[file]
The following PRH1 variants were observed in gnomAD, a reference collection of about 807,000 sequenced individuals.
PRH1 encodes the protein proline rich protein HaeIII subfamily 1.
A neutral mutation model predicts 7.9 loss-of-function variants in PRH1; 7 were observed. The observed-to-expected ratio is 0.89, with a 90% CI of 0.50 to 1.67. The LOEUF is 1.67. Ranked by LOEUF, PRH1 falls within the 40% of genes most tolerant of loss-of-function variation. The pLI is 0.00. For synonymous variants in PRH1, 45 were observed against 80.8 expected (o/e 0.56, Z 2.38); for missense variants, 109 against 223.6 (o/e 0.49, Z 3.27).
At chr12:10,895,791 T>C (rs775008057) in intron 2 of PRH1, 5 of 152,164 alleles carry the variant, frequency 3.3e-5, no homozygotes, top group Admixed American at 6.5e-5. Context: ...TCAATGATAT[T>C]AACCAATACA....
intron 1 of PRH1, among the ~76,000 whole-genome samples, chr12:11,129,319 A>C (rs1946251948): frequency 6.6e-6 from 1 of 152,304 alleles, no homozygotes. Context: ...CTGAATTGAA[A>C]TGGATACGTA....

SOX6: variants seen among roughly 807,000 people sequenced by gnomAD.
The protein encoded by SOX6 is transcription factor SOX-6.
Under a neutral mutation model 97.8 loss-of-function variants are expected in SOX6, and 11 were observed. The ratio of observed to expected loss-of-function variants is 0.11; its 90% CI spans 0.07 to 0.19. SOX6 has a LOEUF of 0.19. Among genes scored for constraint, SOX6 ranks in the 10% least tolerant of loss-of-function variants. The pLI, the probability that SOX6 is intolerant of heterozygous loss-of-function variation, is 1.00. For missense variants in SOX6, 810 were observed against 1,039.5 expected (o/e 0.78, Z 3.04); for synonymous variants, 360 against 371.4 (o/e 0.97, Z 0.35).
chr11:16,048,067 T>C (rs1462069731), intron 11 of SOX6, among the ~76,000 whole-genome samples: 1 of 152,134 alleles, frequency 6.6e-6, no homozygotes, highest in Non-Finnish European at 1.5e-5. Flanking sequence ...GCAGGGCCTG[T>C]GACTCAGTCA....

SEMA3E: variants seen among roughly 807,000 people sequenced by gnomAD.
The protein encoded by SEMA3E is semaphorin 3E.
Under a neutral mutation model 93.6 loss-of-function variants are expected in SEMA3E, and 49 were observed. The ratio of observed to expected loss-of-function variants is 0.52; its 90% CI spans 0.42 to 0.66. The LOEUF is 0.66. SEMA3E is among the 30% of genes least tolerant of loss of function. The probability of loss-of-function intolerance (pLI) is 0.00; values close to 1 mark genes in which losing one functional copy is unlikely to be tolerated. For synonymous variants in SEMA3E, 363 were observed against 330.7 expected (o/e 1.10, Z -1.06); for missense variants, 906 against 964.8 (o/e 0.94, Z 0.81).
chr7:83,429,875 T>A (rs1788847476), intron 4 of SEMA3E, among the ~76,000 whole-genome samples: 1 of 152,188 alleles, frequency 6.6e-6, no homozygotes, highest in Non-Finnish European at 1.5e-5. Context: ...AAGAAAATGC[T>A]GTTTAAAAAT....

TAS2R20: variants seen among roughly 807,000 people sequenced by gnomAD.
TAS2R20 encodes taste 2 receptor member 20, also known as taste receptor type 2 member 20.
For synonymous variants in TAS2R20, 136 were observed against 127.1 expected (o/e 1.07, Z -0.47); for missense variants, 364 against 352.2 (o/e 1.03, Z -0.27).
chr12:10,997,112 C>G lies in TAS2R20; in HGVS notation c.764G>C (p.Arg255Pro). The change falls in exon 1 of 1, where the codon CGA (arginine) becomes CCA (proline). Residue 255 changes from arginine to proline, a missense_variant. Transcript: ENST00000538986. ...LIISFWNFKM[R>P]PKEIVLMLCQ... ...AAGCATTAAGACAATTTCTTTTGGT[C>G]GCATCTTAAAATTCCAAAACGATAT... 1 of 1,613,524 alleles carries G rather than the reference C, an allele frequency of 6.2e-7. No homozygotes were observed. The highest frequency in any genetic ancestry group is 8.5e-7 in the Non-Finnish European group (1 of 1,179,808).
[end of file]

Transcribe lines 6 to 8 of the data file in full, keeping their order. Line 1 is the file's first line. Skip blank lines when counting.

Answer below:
SOX6: variants seen among roughly 807,000 people sequenced by gnomAD.
The protein encoded by SOX6 is transcription factor SOX-6.
Under a neutral mutation model 97.8 loss-of-function variants are expected in SOX6, and 11 were observed. The ratio of observed to expected loss-of-function variants is 0.11; its 90% CI spans 0.07 to 0.19. SOX6 has a LOEUF of 0.19. Among genes scored for constraint, SOX6 ranks in the 10% least tolerant of loss-of-function variants. The pLI, the probability that SOX6 is intolerant of heterozygous loss-of-function variation, is 1.00. For missense variants in SOX6, 810 were observed against 1,039.5 expected (o/e 0.78, Z 3.04); for synonymous variants, 360 against 371.4 (o/e 0.97, Z 0.35).